Rope Dye Crafted Goods

Candiani Mills. Creating a sustainable future for denim

Candiani Mills. Creating a sustainable future for denim

Rope Dye travels to Milan to visit a sustainable future for denim at the “The Greenest Mill in the Blue World”

When it comes to making jeans, there is a plethora of information out there. A quick google and you can find tutorials, patterns, tips and tricks. Denim artisans such as ROY, Paul Kruize, Mohsin from Endrime or Iu from Companion Denim are happy to share their knowledge. They proudly state the denim used, its origin and the machines used to craft the jeans.

But when it comes to the denim fabric itself, things become a little less clear. Until recently, the inner workings of denim mills and the processes used to sort, spin, dye and weave cotton into denim have been a closely guarded secret.

A peek behind the curtain

Things are opening up. With an increasing awareness of sustainability within all aspects of manufacture and a growing demand for transparency from consumers, a few denim mills are opening up and showing us behind the scenes. When the Italian mill Candiani pulled back the curtain, they revealed what might just be the most progressive, sustainable and green denim mill in the world.


Earlier this month, Candiani invited a number industry insiders down to their factory located just outside of Milan. They wanted to showcase the investment, innovation and downright hard graft that has gone into making this mill the definition of sustainability within the denim industry.

Over the course of the day, Simon Giuliani, Candiani’s global marketing director took the 60-strong group around the entire factory complex. From the cotton fibres being sorted to the spinning to the dying and finally to the weaving, no aspect of the process was skipped or glossed over.

At each stage of the process, Simon would outline the efforts the mill has made to reduce the environmental impact.

How they do it.

The intricacies of the whole process would need a War and Peace sized tome to really do it justice. So here we will just give the briefest of overviews on a few of the ways in which Candiani have reached this level of sustainability.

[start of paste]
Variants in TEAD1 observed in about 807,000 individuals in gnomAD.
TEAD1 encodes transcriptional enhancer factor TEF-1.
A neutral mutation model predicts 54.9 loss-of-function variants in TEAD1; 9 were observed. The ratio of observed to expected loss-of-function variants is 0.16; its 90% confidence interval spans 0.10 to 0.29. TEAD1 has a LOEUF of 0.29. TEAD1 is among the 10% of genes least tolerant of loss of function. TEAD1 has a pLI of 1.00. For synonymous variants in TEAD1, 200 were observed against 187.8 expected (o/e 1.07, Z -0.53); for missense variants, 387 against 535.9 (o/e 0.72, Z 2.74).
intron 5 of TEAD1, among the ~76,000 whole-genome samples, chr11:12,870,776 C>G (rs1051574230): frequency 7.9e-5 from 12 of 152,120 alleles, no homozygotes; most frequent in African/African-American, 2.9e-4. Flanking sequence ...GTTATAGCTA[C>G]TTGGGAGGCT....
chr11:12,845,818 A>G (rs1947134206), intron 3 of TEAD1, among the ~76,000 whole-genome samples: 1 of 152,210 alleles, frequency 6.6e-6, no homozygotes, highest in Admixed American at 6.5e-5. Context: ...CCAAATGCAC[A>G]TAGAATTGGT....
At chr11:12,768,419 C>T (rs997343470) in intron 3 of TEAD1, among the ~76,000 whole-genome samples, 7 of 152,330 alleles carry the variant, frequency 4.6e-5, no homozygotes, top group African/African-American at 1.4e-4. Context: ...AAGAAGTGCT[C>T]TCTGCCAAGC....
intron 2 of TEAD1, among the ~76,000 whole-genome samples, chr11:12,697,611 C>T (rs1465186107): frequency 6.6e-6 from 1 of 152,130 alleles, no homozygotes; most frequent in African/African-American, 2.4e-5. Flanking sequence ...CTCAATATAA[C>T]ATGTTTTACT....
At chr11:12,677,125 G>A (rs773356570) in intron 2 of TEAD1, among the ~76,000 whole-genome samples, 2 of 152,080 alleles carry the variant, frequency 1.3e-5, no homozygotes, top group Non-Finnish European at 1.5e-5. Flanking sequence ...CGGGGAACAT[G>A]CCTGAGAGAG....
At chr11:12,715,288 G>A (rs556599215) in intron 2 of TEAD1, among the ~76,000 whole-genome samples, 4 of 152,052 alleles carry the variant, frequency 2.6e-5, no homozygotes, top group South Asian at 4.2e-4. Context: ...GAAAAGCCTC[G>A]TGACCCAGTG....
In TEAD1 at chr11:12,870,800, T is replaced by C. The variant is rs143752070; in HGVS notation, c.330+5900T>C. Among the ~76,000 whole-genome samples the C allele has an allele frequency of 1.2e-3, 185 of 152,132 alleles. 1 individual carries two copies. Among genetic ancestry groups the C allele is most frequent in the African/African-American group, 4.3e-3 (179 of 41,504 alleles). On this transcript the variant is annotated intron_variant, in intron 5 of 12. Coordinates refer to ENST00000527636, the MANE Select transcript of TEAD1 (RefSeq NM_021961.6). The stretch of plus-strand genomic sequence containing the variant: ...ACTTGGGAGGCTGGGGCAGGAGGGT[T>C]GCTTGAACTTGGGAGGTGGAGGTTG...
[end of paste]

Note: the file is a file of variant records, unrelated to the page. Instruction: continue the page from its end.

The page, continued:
Kinds of cotton and other fibres.

They exclusively use ingredients such as cotton that is either is either BCI (Better Cotton Initiative) or organic. In fact, Candiani was the first to use BCI cotton in denim and now their overall production is 50% and growing. One hundred per cent of their waste fibres are recycled, 50% mixed with new cotton and spun into recycled yarn and 50% being made into insulation for houses and cars.

They also use other fibres such as hemp and linen, both of which have a far less impact on the environment than cotton. When it comes to artificial fibres, they use Tencel®, Micromodal® and Refibra™, all of which gives denim a particular quality and represent a significant reduction on the environmental impact compared to cotton alone.

Indigo Dying

They are also the only denim mill to have obtained the sub-license to use Kitotex®, a technology originally used by neighbouring silk manufacturer Canepa S.p.A. It is detailed biotech stuff, but the gist of it, is that Kitotex® is made from Chitosan, a natural polymer obtained by recycling the exoskeleton of shrimp.

These shrimps are farmed in Southeast Asia, consumed in the food industry, and the shell waste is used to make Kitotex® which replaces PVAs and other nasties traditionally used in the dying process.

Not only is this fully biodegradable, it also helps purify the water after production and has antibacterial, anti-static and anti-mite properties. This all leads to 30% less energy, 50% less water and 70% fewer chemicals. Heroes in a shrimp shell!

Washing and finishing

Now, this might not be too applicable to us denimheads, we like to do the fading ourselves. But the reality is, the vast majority of the jeans out there have gone through some nasty process to make them look worn. Candiani knows this and is taking steps to make this more green too.

Indigo Juice® water-saving dyeing technology is Candiani’s way of reducing the amount of water needed to wash down a pair of jeans and make them look faded. When the yarn is dyed, they keep the indigo very superficial on the yarn. This means when it comes to the washing process only a fraction of the water and energy is needed.

Their N-Denim dyeing technology is the exact opposite of this. The nitrogen dying method means the dye penetrates the yarn much more efficiently. It reduces the dye baths from 7 to 2 and uses 30% fewer nasty chemicals. It is denim that has been dyed with the express intention of not fading. Basically, your black jeans will stay black.

Development Centre.

All this technology in the Candiani production is truly cutting edge. The laundries that are used by denim manufacturers to wash down the jeans are more than likely using old methods and techniques and not aware of the benefits afforded by developments such as Indigo Juice®.

Candiani knows this and has a solution. They provide efficient “wash instructions” for their fabrics and let designers loose in their development centre. This allows the designers to create the maximum combination of sustainability and style which they can impart to their chosen laundry.

The future of blue is green

There is a load more information on just over on the Candiani website, I’d encourage you to check it out.

It gives a much more rounded appreciation of denim and the effort needed to create the fabric. This is just the briefest overview of the efforts made by the Italian mill to ensure that denim is green going into the future.

But don’t worry. It will still be blue.

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